Question: Why? Why… Why… Why… Why?
Answer: There is an old axiom in law that is followed by all successful attorneys: Never ask a question for which you do not know the answer. While that approach works in the courtroom, it is not the most productive technique for those of us working in the world of distribution.
The ultimate goal of problem solving is to identify and correct the root cause. Dealing with symptoms merely masks the underlying issue(s). It is only when the root problem is discovered that meaningful, lasting corrections be made.
So how does one get past the upper crust? By asking questions without necessarily knowing the answers.
Don't just ask any old questions; it is much simpler than that. Ask: “Why?” And then again: “Why?” While not a cast-in-stone number, it has been empirically determined that asking “Why?” five times is the magical number. This is known in the world of Six Sigma as the "5 Whys."
This is an iterative process that begins with a problem statement, such as “Customers are unhappy because they are receiving wrong items.” Then come the five “Why?” questions, each intended to peel away another layer of symptoms. “Why are wrong items being shipped?” “Because they’re in the wrong place.” “Why are they in the wrong place?” “Because someone put them there.” “Why were the items put there?” And so on. I believe you get the idea.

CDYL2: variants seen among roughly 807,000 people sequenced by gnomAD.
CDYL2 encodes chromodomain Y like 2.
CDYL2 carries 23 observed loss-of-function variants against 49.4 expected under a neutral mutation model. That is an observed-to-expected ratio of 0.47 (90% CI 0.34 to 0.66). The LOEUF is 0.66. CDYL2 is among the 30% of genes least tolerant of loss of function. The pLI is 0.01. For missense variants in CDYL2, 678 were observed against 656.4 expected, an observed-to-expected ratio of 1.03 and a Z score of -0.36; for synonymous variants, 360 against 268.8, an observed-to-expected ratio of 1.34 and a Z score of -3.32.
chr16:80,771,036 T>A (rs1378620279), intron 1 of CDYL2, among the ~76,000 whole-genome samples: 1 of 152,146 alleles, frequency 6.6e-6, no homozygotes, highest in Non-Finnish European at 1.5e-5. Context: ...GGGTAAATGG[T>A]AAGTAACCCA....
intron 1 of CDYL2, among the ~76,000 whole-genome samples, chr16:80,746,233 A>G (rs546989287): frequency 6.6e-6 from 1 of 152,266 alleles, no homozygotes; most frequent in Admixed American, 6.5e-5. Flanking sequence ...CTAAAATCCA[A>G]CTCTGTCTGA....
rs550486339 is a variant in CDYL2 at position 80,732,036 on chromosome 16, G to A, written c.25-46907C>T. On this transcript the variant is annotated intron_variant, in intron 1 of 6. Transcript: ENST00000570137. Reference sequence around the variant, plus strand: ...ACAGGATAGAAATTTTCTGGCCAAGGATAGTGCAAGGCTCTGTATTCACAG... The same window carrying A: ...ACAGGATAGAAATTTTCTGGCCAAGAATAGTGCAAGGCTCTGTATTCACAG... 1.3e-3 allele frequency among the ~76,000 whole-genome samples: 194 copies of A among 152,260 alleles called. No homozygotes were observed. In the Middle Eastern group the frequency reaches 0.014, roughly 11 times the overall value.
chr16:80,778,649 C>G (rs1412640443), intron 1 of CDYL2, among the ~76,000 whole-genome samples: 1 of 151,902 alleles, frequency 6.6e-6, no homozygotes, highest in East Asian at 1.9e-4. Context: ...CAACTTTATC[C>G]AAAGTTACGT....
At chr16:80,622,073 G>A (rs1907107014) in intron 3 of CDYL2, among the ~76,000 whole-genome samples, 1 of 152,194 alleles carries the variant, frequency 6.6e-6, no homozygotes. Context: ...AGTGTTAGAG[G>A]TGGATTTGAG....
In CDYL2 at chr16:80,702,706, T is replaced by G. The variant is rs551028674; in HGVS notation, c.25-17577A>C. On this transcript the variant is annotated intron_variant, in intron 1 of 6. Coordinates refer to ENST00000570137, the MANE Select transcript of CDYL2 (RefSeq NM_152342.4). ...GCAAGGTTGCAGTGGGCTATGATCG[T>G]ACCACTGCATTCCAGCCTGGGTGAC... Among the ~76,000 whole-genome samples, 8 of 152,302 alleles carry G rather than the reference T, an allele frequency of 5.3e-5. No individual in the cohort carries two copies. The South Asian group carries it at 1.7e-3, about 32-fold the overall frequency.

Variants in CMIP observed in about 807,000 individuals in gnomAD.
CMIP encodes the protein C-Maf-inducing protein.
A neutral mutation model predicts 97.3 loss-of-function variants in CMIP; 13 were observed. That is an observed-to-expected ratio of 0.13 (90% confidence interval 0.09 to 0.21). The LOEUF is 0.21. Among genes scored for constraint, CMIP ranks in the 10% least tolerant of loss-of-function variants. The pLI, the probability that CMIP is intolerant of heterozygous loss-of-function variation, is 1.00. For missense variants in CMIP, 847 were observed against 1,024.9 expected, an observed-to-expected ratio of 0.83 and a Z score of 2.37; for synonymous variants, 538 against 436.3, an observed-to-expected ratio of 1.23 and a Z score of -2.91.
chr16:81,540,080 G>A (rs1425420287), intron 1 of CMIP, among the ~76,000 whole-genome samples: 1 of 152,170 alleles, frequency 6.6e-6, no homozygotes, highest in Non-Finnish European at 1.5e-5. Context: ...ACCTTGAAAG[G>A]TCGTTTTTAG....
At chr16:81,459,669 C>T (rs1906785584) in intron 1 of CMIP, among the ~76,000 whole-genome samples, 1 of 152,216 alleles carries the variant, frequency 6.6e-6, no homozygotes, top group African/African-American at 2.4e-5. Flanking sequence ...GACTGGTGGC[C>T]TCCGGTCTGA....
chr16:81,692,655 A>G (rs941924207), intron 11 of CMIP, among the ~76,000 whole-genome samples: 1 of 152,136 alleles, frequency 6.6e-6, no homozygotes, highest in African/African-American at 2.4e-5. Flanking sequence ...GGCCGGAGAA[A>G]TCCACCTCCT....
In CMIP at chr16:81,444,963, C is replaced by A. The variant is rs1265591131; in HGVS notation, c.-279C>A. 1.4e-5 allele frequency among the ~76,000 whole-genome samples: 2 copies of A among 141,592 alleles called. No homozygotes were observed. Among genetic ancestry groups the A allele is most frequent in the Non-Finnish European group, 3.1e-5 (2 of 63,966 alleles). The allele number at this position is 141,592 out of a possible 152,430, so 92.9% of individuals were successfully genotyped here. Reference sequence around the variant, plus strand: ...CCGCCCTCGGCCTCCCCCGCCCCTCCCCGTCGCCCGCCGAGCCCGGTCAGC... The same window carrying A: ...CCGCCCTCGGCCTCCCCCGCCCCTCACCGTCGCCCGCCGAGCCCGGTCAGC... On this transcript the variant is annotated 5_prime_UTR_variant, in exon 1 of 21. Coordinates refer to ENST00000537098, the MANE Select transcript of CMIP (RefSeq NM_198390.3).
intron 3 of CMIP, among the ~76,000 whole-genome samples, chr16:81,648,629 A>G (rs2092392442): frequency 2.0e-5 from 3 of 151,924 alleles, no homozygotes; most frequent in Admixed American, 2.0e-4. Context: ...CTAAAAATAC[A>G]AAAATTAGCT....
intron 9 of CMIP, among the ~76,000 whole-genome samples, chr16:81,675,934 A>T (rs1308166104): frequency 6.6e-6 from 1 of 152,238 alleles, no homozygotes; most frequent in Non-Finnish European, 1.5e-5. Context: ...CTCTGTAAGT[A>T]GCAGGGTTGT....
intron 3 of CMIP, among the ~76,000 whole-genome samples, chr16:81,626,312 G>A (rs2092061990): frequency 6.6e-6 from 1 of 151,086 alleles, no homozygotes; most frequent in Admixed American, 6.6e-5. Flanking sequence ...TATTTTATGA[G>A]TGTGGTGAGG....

Bottom Line: Don't get caught up in the math. As always, it is quality over quantity. If four questions gets you to the bottom line, great. If it takes eight or nine questions, so be it. The objective is to identify the root cause of a problem so that it can be properly fixed.
Be inquisitive. Do not assume. Be thorough. Do not take the easy route but the road less taken. For those of us with children, think about your three year old toddler: “Why mommy?” “Why daddy?” Be that inquiring mind.
I welcome your comments and questions at firstname.lastname@example.org.